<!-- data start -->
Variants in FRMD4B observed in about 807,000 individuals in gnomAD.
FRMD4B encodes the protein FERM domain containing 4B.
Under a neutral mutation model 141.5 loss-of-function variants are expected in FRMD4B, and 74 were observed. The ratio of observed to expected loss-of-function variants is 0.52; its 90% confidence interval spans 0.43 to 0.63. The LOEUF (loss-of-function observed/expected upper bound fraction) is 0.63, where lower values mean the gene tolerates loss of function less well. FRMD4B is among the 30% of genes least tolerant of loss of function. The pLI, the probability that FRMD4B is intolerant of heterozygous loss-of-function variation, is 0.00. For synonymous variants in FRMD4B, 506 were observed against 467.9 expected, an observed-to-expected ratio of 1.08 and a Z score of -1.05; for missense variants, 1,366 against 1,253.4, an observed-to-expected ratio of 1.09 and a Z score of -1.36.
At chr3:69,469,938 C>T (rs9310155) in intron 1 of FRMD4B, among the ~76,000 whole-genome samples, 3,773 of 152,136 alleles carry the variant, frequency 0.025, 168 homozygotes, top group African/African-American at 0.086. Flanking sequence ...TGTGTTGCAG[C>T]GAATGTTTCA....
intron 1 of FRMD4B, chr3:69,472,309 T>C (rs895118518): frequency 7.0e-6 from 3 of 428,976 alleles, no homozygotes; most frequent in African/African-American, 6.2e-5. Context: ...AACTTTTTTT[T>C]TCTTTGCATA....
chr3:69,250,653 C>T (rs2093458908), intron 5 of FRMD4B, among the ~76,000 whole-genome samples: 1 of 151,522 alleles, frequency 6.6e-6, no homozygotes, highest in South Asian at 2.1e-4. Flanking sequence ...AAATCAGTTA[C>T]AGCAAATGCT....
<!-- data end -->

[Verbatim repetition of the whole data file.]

Variants in FRMD4B observed in about 807,000 individuals in gnomAD.
FRMD4B encodes the protein FERM domain containing 4B.
Under a neutral mutation model 141.5 loss-of-function variants are expected in FRMD4B, and 74 were observed. The ratio of observed to expected loss-of-function variants is 0.52; its 90% confidence interval spans 0.43 to 0.63. The LOEUF (loss-of-function observed/expected upper bound fraction) is 0.63, where lower values mean the gene tolerates loss of function less well. FRMD4B is among the 30% of genes least tolerant of loss of function. The pLI, the probability that FRMD4B is intolerant of heterozygous loss-of-function variation, is 0.00. For synonymous variants in FRMD4B, 506 were observed against 467.9 expected, an observed-to-expected ratio of 1.08 and a Z score of -1.05; for missense variants, 1,366 against 1,253.4, an observed-to-expected ratio of 1.09 and a Z score of -1.36.
At chr3:69,469,938 C>T (rs9310155) in intron 1 of FRMD4B, among the ~76,000 whole-genome samples, 3,773 of 152,136 alleles carry the variant, frequency 0.025, 168 homozygotes, top group African/African-American at 0.086. Flanking sequence ...TGTGTTGCAG[C>T]GAATGTTTCA....
intron 1 of FRMD4B, chr3:69,472,309 T>C (rs895118518): frequency 7.0e-6 from 3 of 428,976 alleles, no homozygotes; most frequent in African/African-American, 6.2e-5. Context: ...AACTTTTTTT[T>C]TCTTTGCATA....
chr3:69,250,653 C>T (rs2093458908), intron 5 of FRMD4B, among the ~76,000 whole-genome samples: 1 of 151,522 alleles, frequency 6.6e-6, no homozygotes, highest in South Asian at 2.1e-4. Flanking sequence ...AAATCAGTTA[C>T]AGCAAATGCT....